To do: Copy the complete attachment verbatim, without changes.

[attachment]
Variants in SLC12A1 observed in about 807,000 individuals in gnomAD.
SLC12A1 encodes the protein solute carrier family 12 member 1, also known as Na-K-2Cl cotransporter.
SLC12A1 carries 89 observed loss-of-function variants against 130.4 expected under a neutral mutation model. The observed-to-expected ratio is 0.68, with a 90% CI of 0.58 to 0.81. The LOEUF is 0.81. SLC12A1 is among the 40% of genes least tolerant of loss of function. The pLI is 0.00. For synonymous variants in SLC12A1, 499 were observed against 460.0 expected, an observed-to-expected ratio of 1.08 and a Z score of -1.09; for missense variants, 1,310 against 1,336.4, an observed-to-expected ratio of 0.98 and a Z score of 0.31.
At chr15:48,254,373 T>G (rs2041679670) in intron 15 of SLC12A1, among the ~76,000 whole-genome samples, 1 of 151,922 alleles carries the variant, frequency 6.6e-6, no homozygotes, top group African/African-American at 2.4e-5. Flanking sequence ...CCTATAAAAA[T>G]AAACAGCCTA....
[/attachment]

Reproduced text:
Variants in SLC12A1 observed in about 807,000 individuals in gnomAD.
SLC12A1 encodes the protein solute carrier family 12 member 1, also known as Na-K-2Cl cotransporter.
SLC12A1 carries 89 observed loss-of-function variants against 130.4 expected under a neutral mutation model. The observed-to-expected ratio is 0.68, with a 90% CI of 0.58 to 0.81. The LOEUF is 0.81. SLC12A1 is among the 40% of genes least tolerant of loss of function. The pLI is 0.00. For synonymous variants in SLC12A1, 499 were observed against 460.0 expected, an observed-to-expected ratio of 1.08 and a Z score of -1.09; for missense variants, 1,310 against 1,336.4, an observed-to-expected ratio of 0.98 and a Z score of 0.31.
At chr15:48,254,373 T>G (rs2041679670) in intron 15 of SLC12A1, among the ~76,000 whole-genome samples, 1 of 151,922 alleles carries the variant, frequency 6.6e-6, no homozygotes, top group African/African-American at 2.4e-5. Flanking sequence ...CCTATAAAAA[T>G]AAACAGCCTA....